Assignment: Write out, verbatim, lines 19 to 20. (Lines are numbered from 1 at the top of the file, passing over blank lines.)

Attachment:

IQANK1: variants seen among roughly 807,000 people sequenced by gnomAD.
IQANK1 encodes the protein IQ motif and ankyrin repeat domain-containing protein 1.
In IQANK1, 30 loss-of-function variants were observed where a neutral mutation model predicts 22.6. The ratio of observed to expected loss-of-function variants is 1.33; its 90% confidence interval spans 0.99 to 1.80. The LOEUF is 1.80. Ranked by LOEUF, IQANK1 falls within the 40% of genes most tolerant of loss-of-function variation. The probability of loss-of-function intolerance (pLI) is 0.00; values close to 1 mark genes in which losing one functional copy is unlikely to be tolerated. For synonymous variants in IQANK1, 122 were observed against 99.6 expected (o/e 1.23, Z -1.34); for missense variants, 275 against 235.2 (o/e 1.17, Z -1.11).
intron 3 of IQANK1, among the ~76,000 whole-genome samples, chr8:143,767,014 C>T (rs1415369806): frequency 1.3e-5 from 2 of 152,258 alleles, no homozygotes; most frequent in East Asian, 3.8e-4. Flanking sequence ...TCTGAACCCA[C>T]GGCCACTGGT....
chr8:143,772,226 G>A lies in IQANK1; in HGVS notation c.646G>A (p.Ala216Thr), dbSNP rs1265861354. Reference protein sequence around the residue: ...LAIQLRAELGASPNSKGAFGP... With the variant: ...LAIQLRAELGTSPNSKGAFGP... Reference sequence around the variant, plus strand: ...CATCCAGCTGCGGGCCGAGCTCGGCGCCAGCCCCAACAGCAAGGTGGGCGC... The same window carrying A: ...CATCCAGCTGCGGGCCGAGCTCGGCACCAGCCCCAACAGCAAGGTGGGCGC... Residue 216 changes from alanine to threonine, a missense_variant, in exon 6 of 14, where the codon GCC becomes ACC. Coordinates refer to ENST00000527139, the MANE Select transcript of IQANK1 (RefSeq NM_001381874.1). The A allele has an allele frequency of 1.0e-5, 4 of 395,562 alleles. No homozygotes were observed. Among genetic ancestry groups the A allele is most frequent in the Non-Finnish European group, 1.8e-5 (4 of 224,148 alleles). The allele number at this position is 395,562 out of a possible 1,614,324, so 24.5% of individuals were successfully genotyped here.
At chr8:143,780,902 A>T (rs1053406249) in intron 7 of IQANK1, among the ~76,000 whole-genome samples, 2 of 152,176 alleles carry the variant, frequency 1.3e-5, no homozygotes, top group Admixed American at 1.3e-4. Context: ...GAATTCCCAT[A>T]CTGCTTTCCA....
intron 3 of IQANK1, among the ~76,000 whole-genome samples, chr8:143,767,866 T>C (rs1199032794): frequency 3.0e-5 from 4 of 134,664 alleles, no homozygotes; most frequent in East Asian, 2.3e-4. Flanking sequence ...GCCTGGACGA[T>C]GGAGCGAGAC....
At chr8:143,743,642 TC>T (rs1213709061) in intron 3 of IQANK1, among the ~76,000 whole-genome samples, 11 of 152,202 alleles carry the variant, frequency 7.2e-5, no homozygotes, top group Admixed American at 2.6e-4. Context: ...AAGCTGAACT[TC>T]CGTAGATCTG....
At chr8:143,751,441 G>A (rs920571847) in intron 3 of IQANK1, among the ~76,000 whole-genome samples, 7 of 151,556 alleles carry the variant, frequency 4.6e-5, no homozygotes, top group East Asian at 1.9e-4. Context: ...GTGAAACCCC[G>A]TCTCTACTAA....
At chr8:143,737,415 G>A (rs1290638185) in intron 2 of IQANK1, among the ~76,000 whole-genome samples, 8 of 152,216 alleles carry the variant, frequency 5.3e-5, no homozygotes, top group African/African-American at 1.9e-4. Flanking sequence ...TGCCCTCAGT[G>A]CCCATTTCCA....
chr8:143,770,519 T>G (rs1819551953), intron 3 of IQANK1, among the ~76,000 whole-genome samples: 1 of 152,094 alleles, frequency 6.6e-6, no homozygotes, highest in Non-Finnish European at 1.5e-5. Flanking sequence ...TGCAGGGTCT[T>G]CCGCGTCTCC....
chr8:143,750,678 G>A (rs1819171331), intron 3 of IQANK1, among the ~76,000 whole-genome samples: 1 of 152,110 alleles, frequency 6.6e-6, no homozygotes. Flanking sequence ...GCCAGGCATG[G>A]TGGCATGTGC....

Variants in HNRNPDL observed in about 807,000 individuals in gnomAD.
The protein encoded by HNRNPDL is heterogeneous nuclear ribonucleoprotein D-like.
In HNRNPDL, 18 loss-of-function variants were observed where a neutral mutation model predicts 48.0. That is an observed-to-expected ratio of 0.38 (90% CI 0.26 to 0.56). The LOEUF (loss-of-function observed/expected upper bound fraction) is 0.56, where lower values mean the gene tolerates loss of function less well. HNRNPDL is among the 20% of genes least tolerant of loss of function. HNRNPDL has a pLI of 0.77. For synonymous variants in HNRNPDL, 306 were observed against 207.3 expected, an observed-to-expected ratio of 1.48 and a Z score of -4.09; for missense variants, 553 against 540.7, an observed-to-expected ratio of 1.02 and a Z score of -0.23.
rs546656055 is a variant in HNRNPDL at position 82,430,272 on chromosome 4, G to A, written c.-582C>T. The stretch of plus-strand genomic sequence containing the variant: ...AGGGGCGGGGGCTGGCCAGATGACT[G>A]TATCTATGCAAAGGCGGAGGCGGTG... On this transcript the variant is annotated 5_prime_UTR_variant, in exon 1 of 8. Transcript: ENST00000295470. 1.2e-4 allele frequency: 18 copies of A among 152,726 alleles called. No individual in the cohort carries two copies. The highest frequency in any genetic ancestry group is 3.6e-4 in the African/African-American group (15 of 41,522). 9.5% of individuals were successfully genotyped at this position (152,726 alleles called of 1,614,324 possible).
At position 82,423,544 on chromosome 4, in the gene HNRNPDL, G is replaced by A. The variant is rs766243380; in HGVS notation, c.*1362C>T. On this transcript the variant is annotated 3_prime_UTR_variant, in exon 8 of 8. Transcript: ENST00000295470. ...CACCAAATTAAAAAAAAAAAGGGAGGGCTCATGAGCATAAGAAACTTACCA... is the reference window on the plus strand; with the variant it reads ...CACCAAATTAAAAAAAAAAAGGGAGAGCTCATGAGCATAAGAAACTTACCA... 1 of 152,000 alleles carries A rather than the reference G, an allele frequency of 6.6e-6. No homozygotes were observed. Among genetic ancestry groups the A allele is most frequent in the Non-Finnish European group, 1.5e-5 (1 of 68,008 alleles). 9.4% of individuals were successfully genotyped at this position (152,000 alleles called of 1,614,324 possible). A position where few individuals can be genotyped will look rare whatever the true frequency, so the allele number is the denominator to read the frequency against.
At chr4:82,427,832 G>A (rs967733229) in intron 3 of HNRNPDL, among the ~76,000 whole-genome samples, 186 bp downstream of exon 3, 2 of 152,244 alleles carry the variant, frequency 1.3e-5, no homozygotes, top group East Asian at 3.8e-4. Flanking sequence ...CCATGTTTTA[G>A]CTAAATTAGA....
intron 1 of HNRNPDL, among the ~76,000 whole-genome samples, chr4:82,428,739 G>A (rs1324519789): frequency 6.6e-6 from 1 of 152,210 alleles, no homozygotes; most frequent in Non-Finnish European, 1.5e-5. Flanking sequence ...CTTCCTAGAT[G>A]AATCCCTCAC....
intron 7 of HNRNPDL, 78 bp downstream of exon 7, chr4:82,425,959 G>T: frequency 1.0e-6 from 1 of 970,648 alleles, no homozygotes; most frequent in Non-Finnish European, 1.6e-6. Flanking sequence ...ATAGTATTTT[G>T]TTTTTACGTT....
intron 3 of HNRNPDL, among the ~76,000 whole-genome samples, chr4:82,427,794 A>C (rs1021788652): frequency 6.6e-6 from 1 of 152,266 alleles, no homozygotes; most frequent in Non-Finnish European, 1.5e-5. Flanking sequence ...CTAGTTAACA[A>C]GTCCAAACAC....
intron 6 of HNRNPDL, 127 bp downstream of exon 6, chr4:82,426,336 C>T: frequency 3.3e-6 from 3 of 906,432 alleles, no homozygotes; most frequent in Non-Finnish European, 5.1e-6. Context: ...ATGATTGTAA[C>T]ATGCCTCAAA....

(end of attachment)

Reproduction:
intron 1 of HNRNPDL, among the ~76,000 whole-genome samples, chr4:82,428,739 G>A (rs1324519789): frequency 6.6e-6 from 1 of 152,210 alleles, no homozygotes; most frequent in Non-Finnish European, 1.5e-5. Flanking sequence ...CTTCCTAGAT[G>A]AATCCCTCAC....
intron 7 of HNRNPDL, 78 bp downstream of exon 7, chr4:82,425,959 G>T: frequency 1.0e-6 from 1 of 970,648 alleles, no homozygotes; most frequent in Non-Finnish European, 1.6e-6. Flanking sequence ...ATAGTATTTT[G>T]TTTTTACGTT....